The mellow is upon us yet again in this month’s edition of ‘The Lectern’. The ‘crazy architect’ we will be reading today is Hope; if you asked her, she would say that she only writes from a moist mind. After reading this, I was astounded by the moistness in mine.

As an aside, can we get some dudes with the ‘hammer-n-mortar’ write-ups please? Some fire-brand religious mojo, profanities, and hardcore life lessons abeg…any more mushiness here, and these writers will have me dripping eye-sweat all over :/ #Nuffsaid

Aaaaaaaaand so, for the month of May, of sketches, sketchbooks and…well, moisture (what?!), WAW brings you…Hope!

The Lectern01

…that we might be read


MY SKETCHBOOK

sketchbook

I gave it to you…my sketchbook. My most prized possession.

You said you’d sketch and draw for me

Flowers, trees and parks,

beautiful pictures of sunsets and sunrises, buildings too.

So I gave it to you, kept nothing back.

 
 

The first sketch was nothing but scribbles

Ugly ugly scribbles…like the markings of a demoniac.

And so I took it from you. I took my sketchbook back

Even though I didn’t want to.

 

Then you came back.

You were sorry, and you wanted to make it right

I forgave. Just like God taught me

I forgave. And I gave it to you again, my sketchbook.

 

But when I got it back, I saw worse markings

Very bad ones.

Each stroke tore at me like the claws of a fiery dragon

And sunk beneath my skin

Like a vampire’s fangs.

 

My heart broke again.

I took it from you. Again.

But you wouldn’t stop coming. You came back, each time

Looking more contrite. And I believed you, each time

So I gave. Again and again.

But I believed. Just like God taught me

I believed. And I gave it to you. Again and again.

 

Until

There was only one page left.

 

You came again. For pardon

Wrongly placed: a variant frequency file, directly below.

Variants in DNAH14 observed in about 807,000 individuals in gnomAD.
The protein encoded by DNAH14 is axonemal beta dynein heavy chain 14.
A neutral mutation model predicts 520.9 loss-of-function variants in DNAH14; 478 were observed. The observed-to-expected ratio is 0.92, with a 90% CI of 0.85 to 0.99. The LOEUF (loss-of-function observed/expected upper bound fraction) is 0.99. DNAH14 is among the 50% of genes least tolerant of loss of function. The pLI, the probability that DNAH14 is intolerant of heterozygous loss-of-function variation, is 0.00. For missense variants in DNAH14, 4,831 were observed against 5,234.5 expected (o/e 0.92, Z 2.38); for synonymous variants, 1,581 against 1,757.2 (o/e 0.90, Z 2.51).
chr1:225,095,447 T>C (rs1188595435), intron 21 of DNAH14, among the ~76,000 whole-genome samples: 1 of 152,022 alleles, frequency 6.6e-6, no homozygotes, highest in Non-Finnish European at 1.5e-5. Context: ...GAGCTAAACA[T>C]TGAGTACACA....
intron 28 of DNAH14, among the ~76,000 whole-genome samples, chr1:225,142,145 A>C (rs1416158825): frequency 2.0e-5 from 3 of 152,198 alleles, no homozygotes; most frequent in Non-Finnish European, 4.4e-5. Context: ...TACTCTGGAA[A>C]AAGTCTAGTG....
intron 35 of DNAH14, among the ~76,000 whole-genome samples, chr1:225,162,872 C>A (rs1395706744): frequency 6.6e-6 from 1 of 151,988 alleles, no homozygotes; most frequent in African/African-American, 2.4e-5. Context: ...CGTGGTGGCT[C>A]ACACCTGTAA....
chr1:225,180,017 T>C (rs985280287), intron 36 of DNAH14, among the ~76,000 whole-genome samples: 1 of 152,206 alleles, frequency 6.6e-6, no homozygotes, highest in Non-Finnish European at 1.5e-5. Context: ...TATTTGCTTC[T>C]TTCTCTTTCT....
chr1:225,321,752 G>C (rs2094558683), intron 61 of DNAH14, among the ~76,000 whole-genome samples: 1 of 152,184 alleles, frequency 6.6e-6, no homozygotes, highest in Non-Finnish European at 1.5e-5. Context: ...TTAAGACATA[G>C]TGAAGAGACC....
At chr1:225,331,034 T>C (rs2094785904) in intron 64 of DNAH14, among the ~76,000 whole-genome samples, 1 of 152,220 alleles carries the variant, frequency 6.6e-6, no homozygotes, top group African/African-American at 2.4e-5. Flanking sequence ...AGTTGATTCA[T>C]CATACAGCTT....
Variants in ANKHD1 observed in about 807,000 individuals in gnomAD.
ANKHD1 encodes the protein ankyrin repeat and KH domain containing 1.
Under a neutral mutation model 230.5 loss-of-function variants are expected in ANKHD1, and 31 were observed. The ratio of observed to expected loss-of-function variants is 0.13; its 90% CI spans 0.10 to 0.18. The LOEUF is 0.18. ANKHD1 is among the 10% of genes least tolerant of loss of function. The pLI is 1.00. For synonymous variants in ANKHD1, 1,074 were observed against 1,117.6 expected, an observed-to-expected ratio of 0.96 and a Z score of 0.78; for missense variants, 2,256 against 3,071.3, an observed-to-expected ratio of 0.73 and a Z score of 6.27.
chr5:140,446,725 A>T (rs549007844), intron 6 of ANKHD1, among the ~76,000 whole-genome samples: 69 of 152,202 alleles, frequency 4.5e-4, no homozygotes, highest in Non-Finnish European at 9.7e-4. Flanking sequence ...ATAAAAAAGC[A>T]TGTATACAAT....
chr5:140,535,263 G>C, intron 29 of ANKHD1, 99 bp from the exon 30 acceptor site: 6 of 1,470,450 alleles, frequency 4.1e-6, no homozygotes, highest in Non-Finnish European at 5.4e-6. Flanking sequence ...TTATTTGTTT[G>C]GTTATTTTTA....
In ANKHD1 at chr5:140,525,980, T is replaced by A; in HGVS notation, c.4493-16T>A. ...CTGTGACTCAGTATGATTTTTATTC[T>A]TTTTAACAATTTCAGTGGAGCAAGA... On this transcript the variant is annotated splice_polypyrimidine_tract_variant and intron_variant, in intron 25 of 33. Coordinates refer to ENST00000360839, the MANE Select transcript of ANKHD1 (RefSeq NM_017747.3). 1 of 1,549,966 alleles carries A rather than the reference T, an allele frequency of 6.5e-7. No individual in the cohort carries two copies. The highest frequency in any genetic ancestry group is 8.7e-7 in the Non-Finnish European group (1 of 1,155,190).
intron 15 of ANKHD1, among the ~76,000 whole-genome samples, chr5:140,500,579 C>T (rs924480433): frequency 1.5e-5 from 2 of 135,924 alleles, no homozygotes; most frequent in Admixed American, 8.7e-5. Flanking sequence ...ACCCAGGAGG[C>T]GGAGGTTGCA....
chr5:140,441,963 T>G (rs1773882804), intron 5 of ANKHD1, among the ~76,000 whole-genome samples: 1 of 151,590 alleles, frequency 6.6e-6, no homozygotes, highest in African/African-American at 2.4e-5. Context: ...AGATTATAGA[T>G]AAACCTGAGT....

For one last chance

I had only one page left. I could not risk that.

Then you promised. Like God taught you

You promised. To make it up to me.

For all the ripped pages, the discarded ones. For my broken heart

To make everything alright.

 

And I gave.

I was hungry, searching for something beautiful. Vulnerable…what can I say?

But I gave. My very last page.

Because I believed.

 

You were a leopard. On the backdrop of your pale sincerity

Your spots shone…dark and unrepentant.

You did not just scribble this time. You neglected

My sketchbook.

My heart.

 

I found it drenched in the rain, scorched by the sun.

The little boys in the street played with it

Drunks fought over it…prostitutes spat on it.

Then you came along. And with your very hands

You tore it up into tiny bits and pieces…

…and the wind carried it away.

 

Then you came back

One more clean sheet, you wanted…even if only a scrap.

But I had none to give. I gave all I had to you.

So you left…sad.

And I cried.

Again. I cried.

Because I was hurt and heartbroken.

Because I had no beautiful sketches

Because I had no sketchbook.

I cried.

 

By Hope Eboh

Hope Eboh_The Lectern

 

Don’t forget to share with your friends and enemies, also take a minute to tell us in the Comments what you’re thinking about this one. If you have written something which you would like our readers to enjoy from ‘The Lectern’, or you just wan show yourself, attach and send it in a mail titled ‘The Lectern’ to ojukwumartin@gmail.com. If you are unsure about a subject matter, still reach out and we can work up something appropriate for you. It does not have to be right, left, right or wrong…just your opinion.

Chisom